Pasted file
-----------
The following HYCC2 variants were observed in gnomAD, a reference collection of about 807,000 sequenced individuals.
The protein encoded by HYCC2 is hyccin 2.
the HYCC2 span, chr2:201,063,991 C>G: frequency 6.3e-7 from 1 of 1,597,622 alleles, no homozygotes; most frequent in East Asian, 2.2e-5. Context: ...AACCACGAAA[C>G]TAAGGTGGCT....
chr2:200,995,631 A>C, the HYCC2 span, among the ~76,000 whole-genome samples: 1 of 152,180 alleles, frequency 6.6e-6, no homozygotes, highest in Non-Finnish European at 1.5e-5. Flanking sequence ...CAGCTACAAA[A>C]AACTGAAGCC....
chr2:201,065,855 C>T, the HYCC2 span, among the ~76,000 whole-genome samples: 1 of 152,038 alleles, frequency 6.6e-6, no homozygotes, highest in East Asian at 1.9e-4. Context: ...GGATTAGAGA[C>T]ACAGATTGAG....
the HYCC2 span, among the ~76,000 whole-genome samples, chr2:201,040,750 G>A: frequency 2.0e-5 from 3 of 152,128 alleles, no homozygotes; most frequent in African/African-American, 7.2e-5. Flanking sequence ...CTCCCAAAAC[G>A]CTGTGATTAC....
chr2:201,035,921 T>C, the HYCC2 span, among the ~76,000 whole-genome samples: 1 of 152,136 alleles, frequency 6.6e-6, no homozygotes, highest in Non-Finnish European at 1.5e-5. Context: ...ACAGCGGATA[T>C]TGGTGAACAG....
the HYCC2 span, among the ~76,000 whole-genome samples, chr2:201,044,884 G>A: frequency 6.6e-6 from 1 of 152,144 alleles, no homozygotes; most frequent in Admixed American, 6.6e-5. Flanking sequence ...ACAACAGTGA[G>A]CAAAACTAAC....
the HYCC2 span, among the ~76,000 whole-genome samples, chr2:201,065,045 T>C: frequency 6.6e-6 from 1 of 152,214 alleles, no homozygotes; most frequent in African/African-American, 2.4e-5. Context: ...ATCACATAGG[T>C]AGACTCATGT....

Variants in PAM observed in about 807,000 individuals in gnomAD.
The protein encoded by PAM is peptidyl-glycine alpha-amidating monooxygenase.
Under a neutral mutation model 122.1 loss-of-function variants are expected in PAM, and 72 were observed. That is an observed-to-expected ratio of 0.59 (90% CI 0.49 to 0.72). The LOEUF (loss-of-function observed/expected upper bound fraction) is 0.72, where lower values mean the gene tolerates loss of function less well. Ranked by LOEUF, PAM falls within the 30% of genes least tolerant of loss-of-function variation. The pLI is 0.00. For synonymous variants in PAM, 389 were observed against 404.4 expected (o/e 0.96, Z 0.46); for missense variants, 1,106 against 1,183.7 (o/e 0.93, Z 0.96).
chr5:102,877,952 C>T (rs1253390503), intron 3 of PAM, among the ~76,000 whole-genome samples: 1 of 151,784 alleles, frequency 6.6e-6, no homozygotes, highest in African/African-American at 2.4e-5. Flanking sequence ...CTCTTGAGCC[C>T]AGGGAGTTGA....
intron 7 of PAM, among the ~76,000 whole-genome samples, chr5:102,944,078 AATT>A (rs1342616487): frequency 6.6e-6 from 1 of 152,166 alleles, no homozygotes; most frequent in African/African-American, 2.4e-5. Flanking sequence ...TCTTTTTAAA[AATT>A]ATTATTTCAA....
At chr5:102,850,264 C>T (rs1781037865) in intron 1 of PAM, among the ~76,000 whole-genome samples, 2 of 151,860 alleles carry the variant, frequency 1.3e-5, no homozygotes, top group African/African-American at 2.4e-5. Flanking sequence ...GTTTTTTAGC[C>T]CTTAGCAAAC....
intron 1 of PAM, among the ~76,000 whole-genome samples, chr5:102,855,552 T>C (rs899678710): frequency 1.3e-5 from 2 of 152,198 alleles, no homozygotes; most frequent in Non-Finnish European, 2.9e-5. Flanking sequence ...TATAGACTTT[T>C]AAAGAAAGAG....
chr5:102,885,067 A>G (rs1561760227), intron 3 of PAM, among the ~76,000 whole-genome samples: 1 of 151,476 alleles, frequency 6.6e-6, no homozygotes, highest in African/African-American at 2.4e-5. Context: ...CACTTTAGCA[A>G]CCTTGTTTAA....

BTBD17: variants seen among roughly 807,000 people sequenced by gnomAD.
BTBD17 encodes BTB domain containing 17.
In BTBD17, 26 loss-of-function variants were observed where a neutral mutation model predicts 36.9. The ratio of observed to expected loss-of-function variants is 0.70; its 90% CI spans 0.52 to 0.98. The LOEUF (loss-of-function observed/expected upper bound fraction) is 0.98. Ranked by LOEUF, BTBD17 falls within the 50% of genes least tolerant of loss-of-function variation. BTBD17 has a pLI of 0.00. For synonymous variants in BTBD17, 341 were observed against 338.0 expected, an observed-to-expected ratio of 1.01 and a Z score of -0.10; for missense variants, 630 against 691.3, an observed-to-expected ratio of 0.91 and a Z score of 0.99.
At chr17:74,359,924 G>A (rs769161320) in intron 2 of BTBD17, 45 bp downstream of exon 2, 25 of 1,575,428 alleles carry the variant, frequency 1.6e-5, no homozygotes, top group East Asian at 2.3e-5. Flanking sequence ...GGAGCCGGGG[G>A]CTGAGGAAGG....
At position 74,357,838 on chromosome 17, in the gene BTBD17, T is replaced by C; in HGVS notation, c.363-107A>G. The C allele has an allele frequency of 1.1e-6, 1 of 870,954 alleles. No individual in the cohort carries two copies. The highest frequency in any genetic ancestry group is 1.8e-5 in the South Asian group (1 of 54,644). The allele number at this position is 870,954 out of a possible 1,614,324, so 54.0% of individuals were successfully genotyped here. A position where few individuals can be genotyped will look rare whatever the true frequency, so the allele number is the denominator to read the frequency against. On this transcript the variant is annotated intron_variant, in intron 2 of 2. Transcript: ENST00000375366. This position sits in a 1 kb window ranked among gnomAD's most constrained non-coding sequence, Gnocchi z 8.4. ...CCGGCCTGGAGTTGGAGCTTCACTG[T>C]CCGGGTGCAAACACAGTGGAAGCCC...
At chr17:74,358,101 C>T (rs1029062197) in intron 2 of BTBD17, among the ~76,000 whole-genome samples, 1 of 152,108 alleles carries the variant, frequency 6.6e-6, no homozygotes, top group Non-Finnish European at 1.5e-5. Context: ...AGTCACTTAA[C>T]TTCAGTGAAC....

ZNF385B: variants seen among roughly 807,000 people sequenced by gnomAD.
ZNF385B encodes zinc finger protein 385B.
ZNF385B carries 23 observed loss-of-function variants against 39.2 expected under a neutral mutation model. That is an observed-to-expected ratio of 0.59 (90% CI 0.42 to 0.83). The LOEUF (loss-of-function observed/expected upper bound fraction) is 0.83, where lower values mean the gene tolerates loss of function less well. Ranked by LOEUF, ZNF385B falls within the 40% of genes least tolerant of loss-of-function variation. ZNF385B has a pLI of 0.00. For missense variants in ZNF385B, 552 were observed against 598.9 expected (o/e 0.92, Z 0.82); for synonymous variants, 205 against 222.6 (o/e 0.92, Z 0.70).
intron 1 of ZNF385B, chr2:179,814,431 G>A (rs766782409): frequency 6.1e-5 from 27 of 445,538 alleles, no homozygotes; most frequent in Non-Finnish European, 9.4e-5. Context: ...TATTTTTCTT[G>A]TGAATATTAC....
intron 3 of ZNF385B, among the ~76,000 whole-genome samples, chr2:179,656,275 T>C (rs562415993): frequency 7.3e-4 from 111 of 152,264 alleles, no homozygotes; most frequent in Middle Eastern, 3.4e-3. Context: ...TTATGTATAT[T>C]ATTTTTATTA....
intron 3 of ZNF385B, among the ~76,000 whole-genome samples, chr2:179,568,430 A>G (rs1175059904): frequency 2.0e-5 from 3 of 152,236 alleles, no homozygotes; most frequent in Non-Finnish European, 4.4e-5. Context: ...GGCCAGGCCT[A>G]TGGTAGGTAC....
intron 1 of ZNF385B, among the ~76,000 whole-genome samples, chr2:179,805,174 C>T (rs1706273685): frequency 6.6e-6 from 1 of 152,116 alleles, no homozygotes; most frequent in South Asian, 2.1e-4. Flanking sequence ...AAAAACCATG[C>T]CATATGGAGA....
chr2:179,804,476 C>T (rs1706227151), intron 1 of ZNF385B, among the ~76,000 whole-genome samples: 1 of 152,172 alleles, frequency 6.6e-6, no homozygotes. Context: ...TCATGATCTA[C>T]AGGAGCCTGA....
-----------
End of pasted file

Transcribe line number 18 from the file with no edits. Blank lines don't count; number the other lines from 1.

BTBD17: variants seen among roughly 807,000 people sequenced by gnomAD.